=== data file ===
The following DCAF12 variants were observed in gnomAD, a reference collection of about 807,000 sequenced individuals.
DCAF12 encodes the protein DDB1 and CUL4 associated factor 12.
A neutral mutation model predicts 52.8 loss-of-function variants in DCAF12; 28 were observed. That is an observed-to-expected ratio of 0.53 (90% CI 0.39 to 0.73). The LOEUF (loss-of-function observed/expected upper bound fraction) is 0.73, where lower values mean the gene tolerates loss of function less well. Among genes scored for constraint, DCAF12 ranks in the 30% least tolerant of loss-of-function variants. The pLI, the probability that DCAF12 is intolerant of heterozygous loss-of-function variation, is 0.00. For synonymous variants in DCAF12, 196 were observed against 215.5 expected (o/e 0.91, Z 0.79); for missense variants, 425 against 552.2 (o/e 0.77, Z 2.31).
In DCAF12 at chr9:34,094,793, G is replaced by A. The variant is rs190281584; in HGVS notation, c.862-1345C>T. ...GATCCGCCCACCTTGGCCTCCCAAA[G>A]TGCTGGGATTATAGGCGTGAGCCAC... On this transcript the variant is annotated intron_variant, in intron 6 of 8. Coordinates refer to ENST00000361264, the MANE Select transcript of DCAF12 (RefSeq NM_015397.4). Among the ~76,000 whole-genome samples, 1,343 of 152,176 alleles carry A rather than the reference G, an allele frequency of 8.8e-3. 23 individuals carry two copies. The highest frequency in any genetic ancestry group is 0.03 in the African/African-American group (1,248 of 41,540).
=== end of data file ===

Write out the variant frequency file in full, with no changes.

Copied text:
The following DCAF12 variants were observed in gnomAD, a reference collection of about 807,000 sequenced individuals.
DCAF12 encodes the protein DDB1 and CUL4 associated factor 12.
A neutral mutation model predicts 52.8 loss-of-function variants in DCAF12; 28 were observed. That is an observed-to-expected ratio of 0.53 (90% CI 0.39 to 0.73). The LOEUF (loss-of-function observed/expected upper bound fraction) is 0.73, where lower values mean the gene tolerates loss of function less well. Among genes scored for constraint, DCAF12 ranks in the 30% least tolerant of loss-of-function variants. The pLI, the probability that DCAF12 is intolerant of heterozygous loss-of-function variation, is 0.00. For synonymous variants in DCAF12, 196 were observed against 215.5 expected (o/e 0.91, Z 0.79); for missense variants, 425 against 552.2 (o/e 0.77, Z 2.31).
In DCAF12 at chr9:34,094,793, G is replaced by A. The variant is rs190281584; in HGVS notation, c.862-1345C>T. ...GATCCGCCCACCTTGGCCTCCCAAA[G>A]TGCTGGGATTATAGGCGTGAGCCAC... On this transcript the variant is annotated intron_variant, in intron 6 of 8. Coordinates refer to ENST00000361264, the MANE Select transcript of DCAF12 (RefSeq NM_015397.4). Among the ~76,000 whole-genome samples, 1,343 of 152,176 alleles carry A rather than the reference G, an allele frequency of 8.8e-3. 23 individuals carry two copies. The highest frequency in any genetic ancestry group is 0.03 in the African/African-American group (1,248 of 41,540).